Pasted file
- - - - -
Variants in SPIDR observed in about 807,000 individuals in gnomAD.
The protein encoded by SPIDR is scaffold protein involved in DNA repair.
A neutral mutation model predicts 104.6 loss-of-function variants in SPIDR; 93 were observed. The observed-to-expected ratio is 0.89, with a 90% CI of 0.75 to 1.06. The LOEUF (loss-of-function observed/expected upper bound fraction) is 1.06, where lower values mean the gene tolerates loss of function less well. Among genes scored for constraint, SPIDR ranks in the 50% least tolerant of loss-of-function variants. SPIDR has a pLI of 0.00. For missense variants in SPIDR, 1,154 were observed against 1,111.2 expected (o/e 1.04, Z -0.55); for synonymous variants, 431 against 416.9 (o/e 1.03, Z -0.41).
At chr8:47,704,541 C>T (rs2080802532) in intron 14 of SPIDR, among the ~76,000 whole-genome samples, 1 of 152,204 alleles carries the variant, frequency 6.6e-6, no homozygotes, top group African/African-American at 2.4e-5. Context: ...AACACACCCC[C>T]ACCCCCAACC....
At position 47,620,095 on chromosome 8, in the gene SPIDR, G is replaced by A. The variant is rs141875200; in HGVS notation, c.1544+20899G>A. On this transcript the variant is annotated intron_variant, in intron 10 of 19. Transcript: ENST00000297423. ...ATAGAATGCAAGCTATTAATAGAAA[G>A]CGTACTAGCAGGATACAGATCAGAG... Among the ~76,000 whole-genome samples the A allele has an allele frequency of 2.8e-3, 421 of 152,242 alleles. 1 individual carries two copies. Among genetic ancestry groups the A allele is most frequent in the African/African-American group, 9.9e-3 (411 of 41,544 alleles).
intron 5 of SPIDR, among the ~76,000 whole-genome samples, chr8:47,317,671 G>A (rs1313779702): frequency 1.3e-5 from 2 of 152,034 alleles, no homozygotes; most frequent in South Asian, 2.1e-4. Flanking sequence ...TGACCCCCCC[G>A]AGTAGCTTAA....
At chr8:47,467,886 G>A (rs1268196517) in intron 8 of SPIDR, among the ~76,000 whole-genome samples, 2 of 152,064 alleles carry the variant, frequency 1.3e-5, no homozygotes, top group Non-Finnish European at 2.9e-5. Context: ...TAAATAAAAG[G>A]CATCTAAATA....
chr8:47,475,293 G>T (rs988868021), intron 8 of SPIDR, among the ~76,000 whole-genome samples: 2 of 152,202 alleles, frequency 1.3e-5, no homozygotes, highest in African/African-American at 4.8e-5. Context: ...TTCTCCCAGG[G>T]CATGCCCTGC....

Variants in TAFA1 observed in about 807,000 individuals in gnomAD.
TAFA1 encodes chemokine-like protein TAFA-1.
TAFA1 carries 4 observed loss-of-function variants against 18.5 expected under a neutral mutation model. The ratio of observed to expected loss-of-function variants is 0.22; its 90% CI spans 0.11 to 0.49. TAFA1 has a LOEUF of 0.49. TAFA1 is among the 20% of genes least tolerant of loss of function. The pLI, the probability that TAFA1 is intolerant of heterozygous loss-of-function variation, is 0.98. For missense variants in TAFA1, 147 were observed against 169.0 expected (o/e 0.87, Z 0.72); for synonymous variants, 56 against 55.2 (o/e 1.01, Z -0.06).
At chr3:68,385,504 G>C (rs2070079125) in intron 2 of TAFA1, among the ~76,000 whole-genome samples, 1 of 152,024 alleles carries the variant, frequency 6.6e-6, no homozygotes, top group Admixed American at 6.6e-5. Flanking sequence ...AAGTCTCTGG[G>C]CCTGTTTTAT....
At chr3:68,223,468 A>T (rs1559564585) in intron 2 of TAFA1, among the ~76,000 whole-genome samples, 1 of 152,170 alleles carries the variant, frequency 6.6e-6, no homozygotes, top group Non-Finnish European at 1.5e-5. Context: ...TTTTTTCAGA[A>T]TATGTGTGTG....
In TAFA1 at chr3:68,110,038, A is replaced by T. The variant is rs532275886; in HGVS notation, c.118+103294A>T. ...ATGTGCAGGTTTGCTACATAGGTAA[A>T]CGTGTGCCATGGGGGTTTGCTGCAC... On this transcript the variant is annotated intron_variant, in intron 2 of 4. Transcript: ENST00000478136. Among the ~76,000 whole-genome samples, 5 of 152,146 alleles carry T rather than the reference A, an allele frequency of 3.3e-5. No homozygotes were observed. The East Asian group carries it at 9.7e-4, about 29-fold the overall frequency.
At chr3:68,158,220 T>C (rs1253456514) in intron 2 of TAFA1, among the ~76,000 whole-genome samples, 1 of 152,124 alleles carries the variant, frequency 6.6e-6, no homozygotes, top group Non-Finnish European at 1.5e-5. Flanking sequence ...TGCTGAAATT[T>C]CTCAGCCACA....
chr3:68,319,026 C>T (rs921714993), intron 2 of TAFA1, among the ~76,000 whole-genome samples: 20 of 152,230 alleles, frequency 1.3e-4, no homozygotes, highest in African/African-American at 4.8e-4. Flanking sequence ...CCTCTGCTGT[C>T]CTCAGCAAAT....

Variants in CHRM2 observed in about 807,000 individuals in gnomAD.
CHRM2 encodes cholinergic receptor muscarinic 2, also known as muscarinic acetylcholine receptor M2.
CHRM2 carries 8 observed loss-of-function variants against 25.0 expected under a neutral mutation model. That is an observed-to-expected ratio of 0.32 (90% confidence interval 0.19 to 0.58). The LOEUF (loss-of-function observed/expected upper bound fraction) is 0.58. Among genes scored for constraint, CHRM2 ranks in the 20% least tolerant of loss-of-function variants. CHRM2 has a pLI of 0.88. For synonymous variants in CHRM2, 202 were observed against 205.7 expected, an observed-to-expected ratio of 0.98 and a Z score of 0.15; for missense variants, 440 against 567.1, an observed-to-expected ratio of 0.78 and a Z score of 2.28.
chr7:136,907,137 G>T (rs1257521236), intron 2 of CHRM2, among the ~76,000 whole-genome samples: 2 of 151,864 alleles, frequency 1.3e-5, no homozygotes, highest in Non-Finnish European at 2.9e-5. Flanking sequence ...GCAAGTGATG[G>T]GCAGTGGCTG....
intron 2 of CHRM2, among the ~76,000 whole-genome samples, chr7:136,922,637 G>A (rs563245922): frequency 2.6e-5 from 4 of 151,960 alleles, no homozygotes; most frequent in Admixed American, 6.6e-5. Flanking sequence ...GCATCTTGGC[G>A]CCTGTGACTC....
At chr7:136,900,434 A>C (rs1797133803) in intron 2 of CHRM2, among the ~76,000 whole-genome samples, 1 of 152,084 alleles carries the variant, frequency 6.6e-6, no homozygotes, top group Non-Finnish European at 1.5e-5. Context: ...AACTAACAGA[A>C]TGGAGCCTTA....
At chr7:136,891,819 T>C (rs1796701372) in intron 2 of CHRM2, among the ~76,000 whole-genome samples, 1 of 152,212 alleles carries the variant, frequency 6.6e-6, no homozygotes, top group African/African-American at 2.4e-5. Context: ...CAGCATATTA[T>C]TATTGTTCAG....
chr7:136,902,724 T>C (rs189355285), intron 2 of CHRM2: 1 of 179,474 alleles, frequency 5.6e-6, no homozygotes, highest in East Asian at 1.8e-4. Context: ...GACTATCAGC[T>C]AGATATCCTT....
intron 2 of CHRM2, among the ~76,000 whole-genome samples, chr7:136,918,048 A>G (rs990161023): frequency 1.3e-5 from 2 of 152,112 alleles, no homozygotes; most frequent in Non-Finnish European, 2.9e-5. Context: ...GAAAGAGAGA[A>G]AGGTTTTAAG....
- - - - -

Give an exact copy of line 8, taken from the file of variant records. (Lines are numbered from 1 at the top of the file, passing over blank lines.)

chr8:47,475,293 G>T (rs988868021), intron 8 of SPIDR, among the ~76,000 whole-genome samples: 2 of 152,202 alleles, frequency 1.3e-5, no homozygotes, highest in African/African-American at 4.8e-5. Context: ...TTCTCCCAGG[G>T]CATGCCCTGC....